Western Energy News is one of five regional services published by the Energy News Network. Today’s edition was compiled by Jonathan Thompson.

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Pacific Gas & Electric avoids criminal charges for its role in sparking last year’s Dixie Fire and the 2019 Kincade Fire by agreeing to pay $55 million in civil penalties and payments to local nonprofits and educational institutions. (Los Angeles Times)
California regulators fine SoCalGas $150,000 for using ratepayer funds to oppose stricter energy efficiency rules even though public advocates recommended a $255 million penalty. (Utility Dive) 

High winds and wet, heavy snow damage utility lines in Oregon and Washington, leaving 100,000 people without power. (Oregonian)
Pacific Gas & Electric launches a pilot project to install up to 9,000 “smart” electric water heaters that pre-heat water and store it for use when the grid is overloaded. (Canary Media)
California regulators allocate $40 million to incentivize purchases of electric heat pump water heaters, on top of a previous $44.7 million. (Utility Dive)

• The developer of three large-scale battery storage systems in southern California says pandemic-related supply chain constraints will delay the project’s completion. (Energy Storage News)
Colorado researchers explore using depleted oil wells for energy storage by injecting them with compressed gas and then releasing it to spin a turbine. (news release)

SOLAR: Researchers say San Diego will need to blanket inland agricultural areas with solar panels to hit its emissions-reduction targets, but some farmers are resistant to selling their land. (Voice of San Diego) 

HYDROPOWER: State regulators fine Idaho Power $1.5 million for unpermitted pollution at 15 hydroelectricity facilities in the southern part of the state. (Boise State Public Radio) 

A federal court rejects Wyoming environmentalists’ bid to halt a 3,500-well oil and gas drilling project in a critical wildlife migration corridor. (WyoFile)
• Alaska lawmakers approve a $1,300 energy relief payment to residents, in addition to a $1,250 dividend from the state’s oil and gas fund. (Fairbanks Daily News-Miner)
Wyoming’s oil and gas industry has added 900 jobs during the last 12 months, but employment numbers still fall short of pre-pandemic totals. (Oil City News)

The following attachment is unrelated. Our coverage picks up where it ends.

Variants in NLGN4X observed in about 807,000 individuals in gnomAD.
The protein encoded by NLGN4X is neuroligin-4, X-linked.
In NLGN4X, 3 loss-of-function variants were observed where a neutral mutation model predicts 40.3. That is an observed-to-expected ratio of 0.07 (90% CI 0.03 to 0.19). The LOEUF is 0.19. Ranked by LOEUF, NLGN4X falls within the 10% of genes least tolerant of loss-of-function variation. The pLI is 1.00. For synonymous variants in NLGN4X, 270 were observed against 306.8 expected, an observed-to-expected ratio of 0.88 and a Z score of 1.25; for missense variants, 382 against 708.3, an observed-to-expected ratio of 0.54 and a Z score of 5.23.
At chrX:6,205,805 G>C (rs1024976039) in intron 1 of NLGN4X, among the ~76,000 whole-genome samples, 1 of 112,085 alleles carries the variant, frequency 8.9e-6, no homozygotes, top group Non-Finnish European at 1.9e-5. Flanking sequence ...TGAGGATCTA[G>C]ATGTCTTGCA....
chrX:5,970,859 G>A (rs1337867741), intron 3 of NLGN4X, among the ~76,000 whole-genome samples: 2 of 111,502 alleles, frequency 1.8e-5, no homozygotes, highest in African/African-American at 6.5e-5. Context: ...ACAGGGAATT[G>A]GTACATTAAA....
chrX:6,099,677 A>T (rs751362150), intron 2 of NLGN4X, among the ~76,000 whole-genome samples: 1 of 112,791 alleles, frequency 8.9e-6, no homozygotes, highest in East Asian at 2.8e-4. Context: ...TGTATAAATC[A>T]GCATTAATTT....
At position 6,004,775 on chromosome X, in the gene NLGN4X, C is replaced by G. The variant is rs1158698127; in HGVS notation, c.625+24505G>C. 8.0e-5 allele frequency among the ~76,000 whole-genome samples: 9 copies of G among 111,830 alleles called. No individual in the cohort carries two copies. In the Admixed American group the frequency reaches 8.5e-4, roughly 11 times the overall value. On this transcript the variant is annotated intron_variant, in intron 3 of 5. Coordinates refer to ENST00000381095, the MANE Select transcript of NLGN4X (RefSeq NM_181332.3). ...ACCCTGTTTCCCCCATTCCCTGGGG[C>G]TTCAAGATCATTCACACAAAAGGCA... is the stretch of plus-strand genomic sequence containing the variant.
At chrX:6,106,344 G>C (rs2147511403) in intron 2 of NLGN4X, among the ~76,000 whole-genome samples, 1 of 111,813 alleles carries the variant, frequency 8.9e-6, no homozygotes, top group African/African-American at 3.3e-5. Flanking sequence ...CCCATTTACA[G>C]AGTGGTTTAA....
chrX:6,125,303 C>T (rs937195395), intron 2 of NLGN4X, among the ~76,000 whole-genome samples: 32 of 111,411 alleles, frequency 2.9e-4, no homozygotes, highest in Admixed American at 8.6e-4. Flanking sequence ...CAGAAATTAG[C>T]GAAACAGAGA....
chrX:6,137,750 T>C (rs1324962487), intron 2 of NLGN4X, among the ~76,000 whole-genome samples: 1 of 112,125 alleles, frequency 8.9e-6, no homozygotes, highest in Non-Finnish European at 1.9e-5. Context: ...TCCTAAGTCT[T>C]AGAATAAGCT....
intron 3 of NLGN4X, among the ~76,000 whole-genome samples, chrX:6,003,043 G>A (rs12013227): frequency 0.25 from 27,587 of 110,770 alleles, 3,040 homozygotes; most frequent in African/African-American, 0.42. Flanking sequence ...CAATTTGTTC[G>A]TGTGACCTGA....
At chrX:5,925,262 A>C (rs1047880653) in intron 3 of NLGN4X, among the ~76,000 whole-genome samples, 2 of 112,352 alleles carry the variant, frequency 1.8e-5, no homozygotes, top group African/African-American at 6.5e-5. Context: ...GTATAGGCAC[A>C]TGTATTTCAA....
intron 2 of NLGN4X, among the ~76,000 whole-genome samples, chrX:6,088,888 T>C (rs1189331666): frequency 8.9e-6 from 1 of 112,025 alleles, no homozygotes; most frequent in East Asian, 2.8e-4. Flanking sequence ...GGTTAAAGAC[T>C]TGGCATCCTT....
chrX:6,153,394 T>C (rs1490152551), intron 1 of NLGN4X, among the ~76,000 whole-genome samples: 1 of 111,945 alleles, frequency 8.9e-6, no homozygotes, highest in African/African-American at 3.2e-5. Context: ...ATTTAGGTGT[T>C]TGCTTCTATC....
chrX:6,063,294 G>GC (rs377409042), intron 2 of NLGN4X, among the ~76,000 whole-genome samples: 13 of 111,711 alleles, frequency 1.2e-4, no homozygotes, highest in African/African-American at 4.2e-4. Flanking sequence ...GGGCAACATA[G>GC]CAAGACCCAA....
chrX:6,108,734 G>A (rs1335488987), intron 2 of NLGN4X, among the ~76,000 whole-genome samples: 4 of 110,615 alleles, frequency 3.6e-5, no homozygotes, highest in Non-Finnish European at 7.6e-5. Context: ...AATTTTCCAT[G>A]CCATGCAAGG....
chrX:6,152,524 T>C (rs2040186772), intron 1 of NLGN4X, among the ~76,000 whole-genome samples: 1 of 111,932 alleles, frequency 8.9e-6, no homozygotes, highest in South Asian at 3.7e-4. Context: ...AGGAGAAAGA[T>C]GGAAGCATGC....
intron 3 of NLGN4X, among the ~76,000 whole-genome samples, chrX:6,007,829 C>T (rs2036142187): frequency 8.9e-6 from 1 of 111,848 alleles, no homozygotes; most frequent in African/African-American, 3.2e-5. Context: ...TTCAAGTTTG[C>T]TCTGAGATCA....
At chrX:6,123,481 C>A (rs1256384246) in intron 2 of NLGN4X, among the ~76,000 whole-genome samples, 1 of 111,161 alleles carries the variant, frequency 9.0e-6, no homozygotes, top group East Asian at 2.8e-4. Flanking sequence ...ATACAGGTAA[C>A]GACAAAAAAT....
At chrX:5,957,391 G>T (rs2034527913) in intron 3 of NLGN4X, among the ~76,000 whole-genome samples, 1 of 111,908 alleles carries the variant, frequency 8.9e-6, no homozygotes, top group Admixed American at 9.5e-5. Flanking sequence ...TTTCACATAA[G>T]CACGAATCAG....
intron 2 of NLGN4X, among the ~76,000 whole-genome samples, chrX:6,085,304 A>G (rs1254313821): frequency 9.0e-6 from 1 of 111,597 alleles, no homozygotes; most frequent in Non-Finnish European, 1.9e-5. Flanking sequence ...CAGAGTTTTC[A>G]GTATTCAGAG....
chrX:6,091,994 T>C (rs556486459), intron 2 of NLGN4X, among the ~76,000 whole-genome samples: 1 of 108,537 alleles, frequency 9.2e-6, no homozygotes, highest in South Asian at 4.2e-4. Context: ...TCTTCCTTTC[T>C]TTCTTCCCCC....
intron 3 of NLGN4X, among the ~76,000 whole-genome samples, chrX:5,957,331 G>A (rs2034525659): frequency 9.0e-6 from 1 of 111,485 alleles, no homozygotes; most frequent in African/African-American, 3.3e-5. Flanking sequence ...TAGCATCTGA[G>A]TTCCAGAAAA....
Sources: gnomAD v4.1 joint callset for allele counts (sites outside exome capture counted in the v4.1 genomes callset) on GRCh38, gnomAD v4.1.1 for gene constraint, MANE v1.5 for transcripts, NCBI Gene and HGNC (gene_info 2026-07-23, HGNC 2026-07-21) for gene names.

• Hawaii officials plan to install eight monitoring wells around the U.S. Navy’s Red Hill fuel tanks to track groundwater contamination from the facility. (Honolulu Civil Beat) 

• Wyoming’s coal mines add 300 employees to keep up with increasing demand driven by high natural gas prices. (Cowboy State Daily)   
Wyoming researchers develop a coal-derived crop fertilizer that could be used in place of more expensive biochar. (Wyoming News Now)   

NUCLEAR: A California startup proposes storing spent nuclear reactor fuel in mile-deep boreholes constructed using oil and gas horizontal drilling techniques. (Brattleboro Reformer)

An audit finds a dozen new electric vehicles owned by the city of Los Angeles sat unused for two years because the city lacked proper charging infrastructure. (LAist)   
Oregon transit agencies expect to receive $153 million in federal funding this year, much of which will fill budget gaps from pandemic-related ridership slumps. (Oregonian)

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Jonathan hails from southwestern Colorado and has been writing about the land, cultures, and communities of the Western United States for more than two decades. He compiles the Western Energy News digest. He is the author of three books, a contributing editor at High Country News, and the editor of the Land Desk, an e-newsletter that provides coverage and context on issues critical to the West.